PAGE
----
IDSA Guidelines Removed from Federal Database

Outdated Infectious Diseases of America (IDSA) guidelines were removed early this year from the National Guidelines Clearinghouse (NGC), a federal database used as a reference for physicians and healthcare practitioners in treating Lyme patients. The guidelines, currently undergoing revision, have for years restricted antibiotic treatment of Lyme patients to between two and four weeks. At present, only the guidelines from the International Lyme and Associated Diseases Society (ILADS) are on the NGC.

Increased Media Coverage of Lyme

FOX5 News aired two specials watched by tens of thousands called “Lyme & Reason: The Cause and Consequence of Lyme Disease” and “Lyme & Reason 2:0: Lyme Disease & The Voices of Change.” In addition, Lyme disease stories aired on WNET/MetroFocus, WBUR/PBS, CBS and local outlets as well as in national publications such as Huffington Post, Science, Town & Country, and others.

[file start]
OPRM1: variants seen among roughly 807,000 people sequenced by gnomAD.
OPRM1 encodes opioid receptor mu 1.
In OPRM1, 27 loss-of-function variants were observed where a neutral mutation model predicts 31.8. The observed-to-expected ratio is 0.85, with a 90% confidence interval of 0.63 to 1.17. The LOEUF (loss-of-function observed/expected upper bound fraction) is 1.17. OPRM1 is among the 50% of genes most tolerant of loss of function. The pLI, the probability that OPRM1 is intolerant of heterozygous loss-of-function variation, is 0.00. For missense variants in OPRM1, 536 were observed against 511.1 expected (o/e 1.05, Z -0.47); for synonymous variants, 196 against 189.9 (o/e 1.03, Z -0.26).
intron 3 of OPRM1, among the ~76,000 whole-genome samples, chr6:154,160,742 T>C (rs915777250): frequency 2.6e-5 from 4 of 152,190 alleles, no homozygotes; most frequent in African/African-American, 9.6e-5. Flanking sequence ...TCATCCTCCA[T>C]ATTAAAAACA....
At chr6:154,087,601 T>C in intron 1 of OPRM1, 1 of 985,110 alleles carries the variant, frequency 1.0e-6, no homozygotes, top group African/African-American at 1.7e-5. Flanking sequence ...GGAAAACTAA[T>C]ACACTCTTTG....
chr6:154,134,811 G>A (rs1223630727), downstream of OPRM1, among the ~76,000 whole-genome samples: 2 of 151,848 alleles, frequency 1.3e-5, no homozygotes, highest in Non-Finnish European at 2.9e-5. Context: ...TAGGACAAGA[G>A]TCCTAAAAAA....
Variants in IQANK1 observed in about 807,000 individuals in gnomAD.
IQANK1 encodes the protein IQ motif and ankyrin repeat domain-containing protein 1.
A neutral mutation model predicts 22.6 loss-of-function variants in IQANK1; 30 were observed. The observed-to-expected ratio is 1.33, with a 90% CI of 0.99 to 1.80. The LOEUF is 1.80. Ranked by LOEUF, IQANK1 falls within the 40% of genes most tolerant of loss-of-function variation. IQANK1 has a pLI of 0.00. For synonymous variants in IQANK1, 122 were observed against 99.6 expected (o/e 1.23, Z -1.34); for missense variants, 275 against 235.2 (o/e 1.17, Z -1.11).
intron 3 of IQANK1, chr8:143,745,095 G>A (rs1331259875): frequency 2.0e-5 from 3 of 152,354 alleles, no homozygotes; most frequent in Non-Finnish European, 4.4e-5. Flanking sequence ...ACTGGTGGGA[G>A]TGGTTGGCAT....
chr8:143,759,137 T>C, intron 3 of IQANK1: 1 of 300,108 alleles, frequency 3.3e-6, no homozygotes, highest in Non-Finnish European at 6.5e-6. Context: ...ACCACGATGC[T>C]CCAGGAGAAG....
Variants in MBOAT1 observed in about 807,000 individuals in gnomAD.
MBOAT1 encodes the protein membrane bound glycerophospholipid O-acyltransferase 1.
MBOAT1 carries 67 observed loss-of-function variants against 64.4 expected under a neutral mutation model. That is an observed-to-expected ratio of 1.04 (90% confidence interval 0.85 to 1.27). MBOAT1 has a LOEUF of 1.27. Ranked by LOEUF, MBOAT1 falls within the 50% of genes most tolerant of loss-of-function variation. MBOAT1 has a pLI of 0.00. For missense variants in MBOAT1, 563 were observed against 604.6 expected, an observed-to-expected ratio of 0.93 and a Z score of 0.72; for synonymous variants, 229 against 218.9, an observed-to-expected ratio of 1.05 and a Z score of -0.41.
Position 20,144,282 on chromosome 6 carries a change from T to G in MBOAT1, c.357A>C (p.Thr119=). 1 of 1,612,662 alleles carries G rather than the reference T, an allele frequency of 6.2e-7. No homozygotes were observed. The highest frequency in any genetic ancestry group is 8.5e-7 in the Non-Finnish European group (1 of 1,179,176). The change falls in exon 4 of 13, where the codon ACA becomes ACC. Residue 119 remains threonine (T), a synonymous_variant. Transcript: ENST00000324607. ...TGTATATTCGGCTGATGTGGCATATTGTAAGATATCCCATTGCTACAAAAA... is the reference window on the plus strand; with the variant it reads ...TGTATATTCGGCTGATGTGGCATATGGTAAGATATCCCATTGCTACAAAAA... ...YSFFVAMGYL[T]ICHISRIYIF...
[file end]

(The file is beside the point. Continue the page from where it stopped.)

Most of All

… we are grateful for the unwavering support of Global Lyme Alliance’s volunteers, donors, and friends. Please help us accelerate progress in the fight against Lyme and join us in our Quest for the Test, GLA’s global effort to raise funds for a critically needed Lyme diagnostic test.

Wishing you and your loved ones a Happy Thanksgiving.

image_donate-now_final